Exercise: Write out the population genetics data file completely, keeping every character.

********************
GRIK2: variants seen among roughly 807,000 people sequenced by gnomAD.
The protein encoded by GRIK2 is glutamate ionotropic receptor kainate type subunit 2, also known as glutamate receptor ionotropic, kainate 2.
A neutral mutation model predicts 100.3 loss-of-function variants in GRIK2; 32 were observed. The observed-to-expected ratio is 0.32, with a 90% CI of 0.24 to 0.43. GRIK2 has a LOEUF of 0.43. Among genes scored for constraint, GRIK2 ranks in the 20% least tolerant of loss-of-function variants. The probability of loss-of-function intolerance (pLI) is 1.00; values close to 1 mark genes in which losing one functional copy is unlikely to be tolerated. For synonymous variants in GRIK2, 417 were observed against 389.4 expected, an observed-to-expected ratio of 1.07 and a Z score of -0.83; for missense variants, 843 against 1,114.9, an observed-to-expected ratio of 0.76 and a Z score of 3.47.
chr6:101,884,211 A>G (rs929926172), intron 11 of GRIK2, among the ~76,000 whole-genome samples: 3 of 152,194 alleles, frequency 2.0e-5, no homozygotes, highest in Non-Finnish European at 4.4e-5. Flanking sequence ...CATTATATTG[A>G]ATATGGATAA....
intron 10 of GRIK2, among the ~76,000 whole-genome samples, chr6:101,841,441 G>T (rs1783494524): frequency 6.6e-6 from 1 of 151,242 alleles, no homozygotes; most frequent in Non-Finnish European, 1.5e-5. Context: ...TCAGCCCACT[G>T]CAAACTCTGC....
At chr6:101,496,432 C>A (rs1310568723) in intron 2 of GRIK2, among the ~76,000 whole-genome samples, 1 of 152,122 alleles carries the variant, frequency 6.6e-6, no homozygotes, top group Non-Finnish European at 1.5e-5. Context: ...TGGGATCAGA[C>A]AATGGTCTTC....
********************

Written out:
GRIK2: variants seen among roughly 807,000 people sequenced by gnomAD.
The protein encoded by GRIK2 is glutamate ionotropic receptor kainate type subunit 2, also known as glutamate receptor ionotropic, kainate 2.
A neutral mutation model predicts 100.3 loss-of-function variants in GRIK2; 32 were observed. The observed-to-expected ratio is 0.32, with a 90% CI of 0.24 to 0.43. GRIK2 has a LOEUF of 0.43. Among genes scored for constraint, GRIK2 ranks in the 20% least tolerant of loss-of-function variants. The probability of loss-of-function intolerance (pLI) is 1.00; values close to 1 mark genes in which losing one functional copy is unlikely to be tolerated. For synonymous variants in GRIK2, 417 were observed against 389.4 expected, an observed-to-expected ratio of 1.07 and a Z score of -0.83; for missense variants, 843 against 1,114.9, an observed-to-expected ratio of 0.76 and a Z score of 3.47.
chr6:101,884,211 A>G (rs929926172), intron 11 of GRIK2, among the ~76,000 whole-genome samples: 3 of 152,194 alleles, frequency 2.0e-5, no homozygotes, highest in Non-Finnish European at 4.4e-5. Flanking sequence ...CATTATATTG[A>G]ATATGGATAA....
intron 10 of GRIK2, among the ~76,000 whole-genome samples, chr6:101,841,441 G>T (rs1783494524): frequency 6.6e-6 from 1 of 151,242 alleles, no homozygotes; most frequent in Non-Finnish European, 1.5e-5. Context: ...TCAGCCCACT[G>T]CAAACTCTGC....
At chr6:101,496,432 C>A (rs1310568723) in intron 2 of GRIK2, among the ~76,000 whole-genome samples, 1 of 152,122 alleles carries the variant, frequency 6.6e-6, no homozygotes, top group Non-Finnish European at 1.5e-5. Context: ...TGGGATCAGA[C>A]AATGGTCTTC....